Inspections are vital to ensuring the quality of components that make up thousands of products. Yet, 100% inspection eats up significant time and cost without even guaranteeing 100% compliance.
This is why manufacturers and customers alike rely on a sampling plan in quality control, and for good reasons.
Visual inspections are done to detect a variety of surface finish issues in metal parts, from corrosion and contamination to cracks and surface irregularities. But given the large quantities that many manufacturers work with, it is impractical to look at 100% of the parts in every lot. And for manufacturers that routinely produce lots consisting of 100,000 parts or more, inspecting such a large lot means it is easy to make an error.
Even with a range of very precise tools available, it is impossible to examine every tiny segment of a part’s surface.
Experience has shown us that inspecting a small portion of a lot is not only faster and more cost effective. It also allows us to pay closer attention to the inspection process.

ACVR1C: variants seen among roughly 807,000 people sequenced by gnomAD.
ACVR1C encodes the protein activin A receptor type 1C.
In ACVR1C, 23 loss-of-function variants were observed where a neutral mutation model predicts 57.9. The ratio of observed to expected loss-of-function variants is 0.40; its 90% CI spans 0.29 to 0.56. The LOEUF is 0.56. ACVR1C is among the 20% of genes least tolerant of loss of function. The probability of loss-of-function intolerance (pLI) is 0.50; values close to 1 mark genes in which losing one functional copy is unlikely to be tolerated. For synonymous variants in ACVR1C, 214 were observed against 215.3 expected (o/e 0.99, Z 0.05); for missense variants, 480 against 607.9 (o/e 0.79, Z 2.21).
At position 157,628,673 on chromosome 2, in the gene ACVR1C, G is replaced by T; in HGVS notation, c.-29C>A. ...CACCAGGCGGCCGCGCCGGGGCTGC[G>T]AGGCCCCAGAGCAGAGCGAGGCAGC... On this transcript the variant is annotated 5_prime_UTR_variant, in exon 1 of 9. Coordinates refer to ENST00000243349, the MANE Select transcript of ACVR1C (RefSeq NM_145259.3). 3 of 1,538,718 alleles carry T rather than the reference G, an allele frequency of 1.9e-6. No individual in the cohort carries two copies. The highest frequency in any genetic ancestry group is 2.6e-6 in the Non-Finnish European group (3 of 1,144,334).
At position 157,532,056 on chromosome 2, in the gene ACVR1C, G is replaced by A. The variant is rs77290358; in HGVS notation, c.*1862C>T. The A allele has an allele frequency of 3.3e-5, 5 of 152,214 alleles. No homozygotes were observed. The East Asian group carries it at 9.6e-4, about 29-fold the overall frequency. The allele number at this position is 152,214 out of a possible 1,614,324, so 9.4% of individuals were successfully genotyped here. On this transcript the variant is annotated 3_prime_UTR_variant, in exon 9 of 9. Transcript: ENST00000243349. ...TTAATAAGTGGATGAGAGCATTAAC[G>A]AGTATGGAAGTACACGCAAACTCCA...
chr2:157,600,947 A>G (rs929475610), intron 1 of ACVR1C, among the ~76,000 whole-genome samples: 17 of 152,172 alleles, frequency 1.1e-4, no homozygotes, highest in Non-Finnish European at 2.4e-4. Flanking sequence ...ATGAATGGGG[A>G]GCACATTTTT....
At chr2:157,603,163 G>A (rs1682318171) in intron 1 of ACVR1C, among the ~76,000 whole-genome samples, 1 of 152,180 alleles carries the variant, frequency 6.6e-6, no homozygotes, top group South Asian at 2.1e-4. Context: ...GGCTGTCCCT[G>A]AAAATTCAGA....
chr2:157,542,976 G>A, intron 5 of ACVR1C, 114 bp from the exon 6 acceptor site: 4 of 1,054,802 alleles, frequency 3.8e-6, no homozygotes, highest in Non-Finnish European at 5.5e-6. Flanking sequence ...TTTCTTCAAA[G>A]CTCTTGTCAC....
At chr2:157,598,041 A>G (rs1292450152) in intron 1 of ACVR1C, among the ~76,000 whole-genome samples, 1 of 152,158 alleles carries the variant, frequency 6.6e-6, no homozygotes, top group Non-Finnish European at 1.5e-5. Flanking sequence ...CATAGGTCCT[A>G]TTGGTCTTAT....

In a sampling plan, a relatively small number of pieces from the lot are inspected to determine if the entire lot will be accepted or rejected based on the number of defective pieces in the sample. With every piece in the sample being more carefully inspected, the likelihood of errors or of simply missing something is reduced. It also provides statistically valid results, with high confidence that if the sample is defect-free, the entire lot will meet the customer’s requirements.
The number of pieces to be inspected and the acceptable number of defects are usually based on published Acceptable Quality Level (AQL) and index values. The higher the AQL, the fewer number of parts that will be inspected.
Our process includes QC sampling at various stages: at raw material receiving, at designated steps during production, as well as at the end. This enables us to be sure that quality is tightly controlled throughout the process.
With a statistically valid QC sampling plan, a smaller number of pieces can be inspected more carefully. This gives customers a high level of confidence that if the sample is acceptable, the entire lot is acceptable.
Whatever your preferred sampling plan may be, it is important to include this information in your specifications and RFQs. That way, your manufacturing partner can provide a more accurate and timely quote that includes an inspection process.